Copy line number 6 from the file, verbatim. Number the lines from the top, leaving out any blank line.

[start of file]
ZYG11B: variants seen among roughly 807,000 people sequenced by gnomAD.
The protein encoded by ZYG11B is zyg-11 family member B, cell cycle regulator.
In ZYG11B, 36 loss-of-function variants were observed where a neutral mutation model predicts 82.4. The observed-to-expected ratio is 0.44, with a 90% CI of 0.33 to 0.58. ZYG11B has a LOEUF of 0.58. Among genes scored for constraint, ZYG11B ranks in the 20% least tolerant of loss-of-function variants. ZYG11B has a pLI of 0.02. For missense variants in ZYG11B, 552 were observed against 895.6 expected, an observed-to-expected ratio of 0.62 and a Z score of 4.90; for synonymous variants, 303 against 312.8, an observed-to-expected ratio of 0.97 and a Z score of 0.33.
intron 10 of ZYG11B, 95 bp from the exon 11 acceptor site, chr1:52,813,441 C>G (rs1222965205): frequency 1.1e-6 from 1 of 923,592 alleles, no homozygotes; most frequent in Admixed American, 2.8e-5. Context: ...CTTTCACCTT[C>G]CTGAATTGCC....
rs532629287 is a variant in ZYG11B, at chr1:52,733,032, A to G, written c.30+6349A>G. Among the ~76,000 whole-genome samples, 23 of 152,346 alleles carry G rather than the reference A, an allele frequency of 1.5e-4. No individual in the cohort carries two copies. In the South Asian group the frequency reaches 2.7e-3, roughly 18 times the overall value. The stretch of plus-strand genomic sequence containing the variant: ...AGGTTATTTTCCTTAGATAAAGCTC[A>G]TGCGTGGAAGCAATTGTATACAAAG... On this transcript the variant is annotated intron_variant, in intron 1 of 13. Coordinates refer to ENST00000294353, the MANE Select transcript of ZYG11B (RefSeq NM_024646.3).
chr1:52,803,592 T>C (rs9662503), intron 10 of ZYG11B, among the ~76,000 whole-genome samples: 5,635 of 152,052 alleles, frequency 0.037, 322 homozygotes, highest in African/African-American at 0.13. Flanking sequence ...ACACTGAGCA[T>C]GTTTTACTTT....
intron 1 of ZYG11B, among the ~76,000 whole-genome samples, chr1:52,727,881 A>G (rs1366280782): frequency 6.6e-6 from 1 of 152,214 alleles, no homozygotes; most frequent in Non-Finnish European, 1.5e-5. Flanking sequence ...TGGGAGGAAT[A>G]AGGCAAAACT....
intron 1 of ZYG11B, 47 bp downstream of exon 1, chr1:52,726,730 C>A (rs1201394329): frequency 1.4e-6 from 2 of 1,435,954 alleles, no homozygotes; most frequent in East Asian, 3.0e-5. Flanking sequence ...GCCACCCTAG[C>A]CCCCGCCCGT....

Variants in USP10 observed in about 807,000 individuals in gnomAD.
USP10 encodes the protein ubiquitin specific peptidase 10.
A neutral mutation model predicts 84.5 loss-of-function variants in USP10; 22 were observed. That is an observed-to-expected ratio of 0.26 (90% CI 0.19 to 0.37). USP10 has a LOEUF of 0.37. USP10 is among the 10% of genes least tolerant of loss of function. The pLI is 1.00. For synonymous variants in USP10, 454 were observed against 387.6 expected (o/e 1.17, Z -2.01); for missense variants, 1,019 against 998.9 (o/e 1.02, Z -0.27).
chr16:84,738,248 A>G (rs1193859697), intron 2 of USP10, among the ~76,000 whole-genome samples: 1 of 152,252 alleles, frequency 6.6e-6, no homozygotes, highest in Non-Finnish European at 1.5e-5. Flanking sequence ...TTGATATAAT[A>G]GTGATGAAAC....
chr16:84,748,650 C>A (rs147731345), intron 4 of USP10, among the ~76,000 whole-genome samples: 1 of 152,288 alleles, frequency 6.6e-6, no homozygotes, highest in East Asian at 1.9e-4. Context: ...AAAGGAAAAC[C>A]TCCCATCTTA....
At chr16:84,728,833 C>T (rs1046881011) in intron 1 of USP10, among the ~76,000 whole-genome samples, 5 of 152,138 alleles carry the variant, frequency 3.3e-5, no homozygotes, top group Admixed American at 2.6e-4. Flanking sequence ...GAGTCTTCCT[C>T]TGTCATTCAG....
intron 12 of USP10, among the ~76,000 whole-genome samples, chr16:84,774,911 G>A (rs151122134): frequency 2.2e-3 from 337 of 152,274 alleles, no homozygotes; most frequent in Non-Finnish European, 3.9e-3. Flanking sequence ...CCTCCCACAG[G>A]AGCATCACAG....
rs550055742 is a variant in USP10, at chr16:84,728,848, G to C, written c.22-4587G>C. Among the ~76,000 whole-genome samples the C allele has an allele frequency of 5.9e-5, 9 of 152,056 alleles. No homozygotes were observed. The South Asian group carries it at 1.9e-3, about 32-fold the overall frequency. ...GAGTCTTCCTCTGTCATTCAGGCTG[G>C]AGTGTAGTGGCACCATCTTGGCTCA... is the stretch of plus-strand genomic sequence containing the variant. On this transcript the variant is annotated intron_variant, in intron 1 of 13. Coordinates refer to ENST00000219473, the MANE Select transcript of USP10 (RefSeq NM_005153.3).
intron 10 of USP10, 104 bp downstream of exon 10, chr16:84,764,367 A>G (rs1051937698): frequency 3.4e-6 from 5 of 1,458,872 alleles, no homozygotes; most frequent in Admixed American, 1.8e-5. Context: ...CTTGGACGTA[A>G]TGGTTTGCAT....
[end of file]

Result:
chr1:52,803,592 T>C (rs9662503), intron 10 of ZYG11B, among the ~76,000 whole-genome samples: 5,635 of 152,052 alleles, frequency 0.037, 322 homozygotes, highest in African/African-American at 0.13. Flanking sequence ...ACACTGAGCA[T>C]GTTTTACTTT....